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Confident Budget masks longer term tax concerns

Confident Budget masks longer term tax concerns

Gregory Jones, Director: Tax of KPMG Isle of Man considers the tax provisions of Alf Cannan’s third Manx Budget

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No sudden introduction of death duties or other capital taxation.


No tinkering with – let alone abolition of – the income tax cap.


No hike in ordinary income tax or national insurance rates.


No scrapping of the “0/10” regime, the backbone of the Isle of Man’s company tax system.


The absence of all these measures was for me the highlight of Treasury Minister Alf Cannan’s third Budget, in the sense of no news being good news.


Not literally, of course. Over 50 pages of facts and figures the Treasury Minister made the point that the Isle of Man economy is riding the crest of a wave of confidence:
– unemployment down
– income tax receipts up
– a revenue surplus of £18m (these are big figures for the Isle of Man) higher than initially projected


As a result, Mr Cannan felt able to increase income tax personal allowances to £14,000, representing a 33% increase since 2016 and providing a much needed response to the UK’s own hike in personal allowances, which in itself undermined our lower tax differential.


Recognising that tax cuts stimulate economic activity, Mr Cannan also announced a 1 year national insurance holiday for returning students and new island residents (who have not lived here in the past 5 years) with up to £4,000 in NIC rebates available (although a salary well in excess of £60k would be needed to generate that level of refund).


The maintenance of a benign tax regime continues to be necessary if the Isle of Man is to continue to be able to attract investment, and create wealth and jobs. We need taxpayers to feel they are contributing without being fleeced, but at the same time fund our welfare state and benefits system.


Unfortunately if global trends are any indicator, this will not get easier. Rising expectations – and therefore costs – of social care multiplied by an aging population can only be financed by a steady increase in tax revenues, whether these are achieved directly by taxing people’s income and wealth, or indirectly by taxing what they buy. The Isle of Man is not immune to these global trends (indeed, our healthcare system is currently the subject of a review being undertaken by Sir Jonathan Michael) and I fear for the Treasury Minister who has to announce the abolition of the income tax cap, the introduction of capital taxation or an increase in ordinary rates of tax beyond the long established relatively pain-free threshold of 20%.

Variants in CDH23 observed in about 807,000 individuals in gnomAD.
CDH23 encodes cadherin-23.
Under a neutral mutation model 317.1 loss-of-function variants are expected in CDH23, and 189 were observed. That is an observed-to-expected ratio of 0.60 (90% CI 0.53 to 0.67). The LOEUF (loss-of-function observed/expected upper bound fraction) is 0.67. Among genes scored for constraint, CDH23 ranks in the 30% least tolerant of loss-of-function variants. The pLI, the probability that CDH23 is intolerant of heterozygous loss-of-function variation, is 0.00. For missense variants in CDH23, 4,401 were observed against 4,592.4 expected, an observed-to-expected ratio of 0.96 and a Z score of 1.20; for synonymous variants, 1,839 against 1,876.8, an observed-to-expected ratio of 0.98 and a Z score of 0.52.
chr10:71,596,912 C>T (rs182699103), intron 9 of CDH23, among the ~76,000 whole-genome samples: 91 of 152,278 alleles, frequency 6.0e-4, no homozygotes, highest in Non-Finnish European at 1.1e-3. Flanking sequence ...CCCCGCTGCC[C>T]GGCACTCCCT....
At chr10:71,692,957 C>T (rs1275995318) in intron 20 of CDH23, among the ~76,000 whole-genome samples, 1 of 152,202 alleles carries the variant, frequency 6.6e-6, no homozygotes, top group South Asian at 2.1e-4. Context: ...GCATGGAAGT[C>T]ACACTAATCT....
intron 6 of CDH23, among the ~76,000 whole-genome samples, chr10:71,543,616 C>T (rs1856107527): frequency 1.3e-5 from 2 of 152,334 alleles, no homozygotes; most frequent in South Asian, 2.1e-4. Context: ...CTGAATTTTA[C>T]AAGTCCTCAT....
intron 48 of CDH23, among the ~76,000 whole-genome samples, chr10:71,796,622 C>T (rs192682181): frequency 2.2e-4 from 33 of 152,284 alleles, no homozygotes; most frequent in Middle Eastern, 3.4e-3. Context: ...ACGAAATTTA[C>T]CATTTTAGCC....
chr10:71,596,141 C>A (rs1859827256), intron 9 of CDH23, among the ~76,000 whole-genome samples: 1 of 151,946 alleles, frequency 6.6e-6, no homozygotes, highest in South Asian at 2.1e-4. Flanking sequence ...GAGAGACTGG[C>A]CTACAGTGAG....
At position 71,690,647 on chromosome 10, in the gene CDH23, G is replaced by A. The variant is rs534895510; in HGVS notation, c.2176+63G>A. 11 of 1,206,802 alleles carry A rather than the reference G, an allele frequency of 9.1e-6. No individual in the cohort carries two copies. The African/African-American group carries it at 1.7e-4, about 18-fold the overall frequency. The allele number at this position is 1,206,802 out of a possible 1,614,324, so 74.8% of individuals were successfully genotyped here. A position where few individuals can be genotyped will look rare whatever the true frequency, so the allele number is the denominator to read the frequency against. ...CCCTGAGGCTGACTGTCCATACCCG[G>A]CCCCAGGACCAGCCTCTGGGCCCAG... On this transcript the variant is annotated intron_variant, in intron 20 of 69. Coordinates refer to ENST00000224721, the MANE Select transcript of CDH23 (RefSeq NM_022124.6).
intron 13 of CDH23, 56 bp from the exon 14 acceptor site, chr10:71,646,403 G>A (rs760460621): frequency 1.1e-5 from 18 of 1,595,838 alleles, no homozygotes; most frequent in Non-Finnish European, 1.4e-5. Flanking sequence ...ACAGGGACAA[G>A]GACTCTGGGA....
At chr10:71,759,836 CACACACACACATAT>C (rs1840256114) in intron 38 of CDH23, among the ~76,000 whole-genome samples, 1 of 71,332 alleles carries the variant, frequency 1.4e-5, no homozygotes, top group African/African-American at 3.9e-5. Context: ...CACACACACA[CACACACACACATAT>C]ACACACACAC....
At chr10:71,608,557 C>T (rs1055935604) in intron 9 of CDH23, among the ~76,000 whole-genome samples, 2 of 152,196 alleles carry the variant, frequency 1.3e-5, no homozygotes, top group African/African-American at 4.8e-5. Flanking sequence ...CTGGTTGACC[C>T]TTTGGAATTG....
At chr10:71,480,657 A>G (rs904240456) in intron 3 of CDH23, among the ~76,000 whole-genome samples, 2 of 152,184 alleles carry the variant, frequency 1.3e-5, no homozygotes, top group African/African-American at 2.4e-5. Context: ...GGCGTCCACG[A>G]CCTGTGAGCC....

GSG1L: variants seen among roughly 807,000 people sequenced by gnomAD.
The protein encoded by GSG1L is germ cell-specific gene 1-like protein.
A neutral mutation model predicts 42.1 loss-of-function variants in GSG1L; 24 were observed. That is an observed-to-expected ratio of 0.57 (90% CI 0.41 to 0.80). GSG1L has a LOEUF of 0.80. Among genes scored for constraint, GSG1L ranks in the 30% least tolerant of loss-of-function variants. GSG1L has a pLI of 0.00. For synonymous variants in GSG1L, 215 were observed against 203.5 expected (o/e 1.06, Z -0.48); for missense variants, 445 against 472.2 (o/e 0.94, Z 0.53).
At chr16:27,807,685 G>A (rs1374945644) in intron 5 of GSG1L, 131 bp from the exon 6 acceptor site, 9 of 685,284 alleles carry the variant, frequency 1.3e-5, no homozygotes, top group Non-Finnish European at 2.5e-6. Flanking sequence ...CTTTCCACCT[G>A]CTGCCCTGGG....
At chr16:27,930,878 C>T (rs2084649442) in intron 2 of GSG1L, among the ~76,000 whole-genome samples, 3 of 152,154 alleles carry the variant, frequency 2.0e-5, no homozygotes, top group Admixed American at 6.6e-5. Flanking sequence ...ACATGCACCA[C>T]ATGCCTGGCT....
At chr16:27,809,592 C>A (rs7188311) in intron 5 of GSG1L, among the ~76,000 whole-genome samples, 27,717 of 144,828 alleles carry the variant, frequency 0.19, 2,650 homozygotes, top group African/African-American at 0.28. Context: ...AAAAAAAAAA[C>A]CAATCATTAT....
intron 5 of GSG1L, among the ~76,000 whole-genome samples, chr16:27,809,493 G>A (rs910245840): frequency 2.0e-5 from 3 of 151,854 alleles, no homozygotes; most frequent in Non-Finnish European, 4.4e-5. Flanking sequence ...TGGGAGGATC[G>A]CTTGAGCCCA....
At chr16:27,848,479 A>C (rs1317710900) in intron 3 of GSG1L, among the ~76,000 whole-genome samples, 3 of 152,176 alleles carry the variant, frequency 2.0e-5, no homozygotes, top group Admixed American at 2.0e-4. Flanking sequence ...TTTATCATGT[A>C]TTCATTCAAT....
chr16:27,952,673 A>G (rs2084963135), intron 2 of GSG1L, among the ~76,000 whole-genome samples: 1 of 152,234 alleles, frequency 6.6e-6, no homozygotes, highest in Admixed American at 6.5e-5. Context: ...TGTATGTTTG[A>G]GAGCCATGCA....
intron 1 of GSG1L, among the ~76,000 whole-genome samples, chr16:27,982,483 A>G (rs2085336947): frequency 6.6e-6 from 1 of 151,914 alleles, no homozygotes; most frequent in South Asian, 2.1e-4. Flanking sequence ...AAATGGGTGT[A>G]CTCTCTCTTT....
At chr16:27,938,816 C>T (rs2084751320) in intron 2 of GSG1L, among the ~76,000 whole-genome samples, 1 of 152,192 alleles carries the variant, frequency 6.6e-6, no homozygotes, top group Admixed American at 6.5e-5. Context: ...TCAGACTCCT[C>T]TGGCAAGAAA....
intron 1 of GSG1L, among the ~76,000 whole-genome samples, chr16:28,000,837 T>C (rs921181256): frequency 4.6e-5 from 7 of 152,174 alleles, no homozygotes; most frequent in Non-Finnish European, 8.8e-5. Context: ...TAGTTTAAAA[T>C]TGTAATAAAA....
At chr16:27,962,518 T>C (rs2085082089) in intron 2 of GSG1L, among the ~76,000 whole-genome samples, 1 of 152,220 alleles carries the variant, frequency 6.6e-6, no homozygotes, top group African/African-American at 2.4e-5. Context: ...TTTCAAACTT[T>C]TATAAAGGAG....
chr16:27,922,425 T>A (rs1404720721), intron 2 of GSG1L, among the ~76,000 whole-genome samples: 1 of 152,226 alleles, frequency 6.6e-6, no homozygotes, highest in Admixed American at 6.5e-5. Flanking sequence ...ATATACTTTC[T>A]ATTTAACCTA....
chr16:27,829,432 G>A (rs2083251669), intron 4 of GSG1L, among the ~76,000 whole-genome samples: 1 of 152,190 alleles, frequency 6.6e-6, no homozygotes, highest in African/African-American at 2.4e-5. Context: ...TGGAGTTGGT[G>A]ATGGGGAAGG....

Mr Cannan referred in his speech to the Isle of Man’s introduction of so-called “substance” rules on 1 January 2019 (in response to EU pressures). These rules require Isle of Man companies which carry out certain activities (including exploitation of intellectual property) to demonstrate minimum levels of activity, physical presence and supervisory control on the island. It would not be hugely surprising (indeed it has been predicted by many) if the next development were for the international powers-that-be to require that all countries impose a minimum rate of corporate tax. Notwithstanding the intellectual arguments against this (which I am happy to discuss over a coffee with you when you have the time!) and accepting that some companies would close down or relocate rather than subject themselves to a tax rate in excess of zero, a minimum rate of even 2% could create tens of millions of pounds of revenue annually for the Isle of Man government. Just a thought …………..


For the moment our problems are first world ones, such as funding the public sector pension deficit when the reserve fund has been spent.


Notwithstanding his upbeat message, Mr Cannan cautioned against complacency: let us hope the confidence displayed in this year’s budget does not prove to be misplaced.

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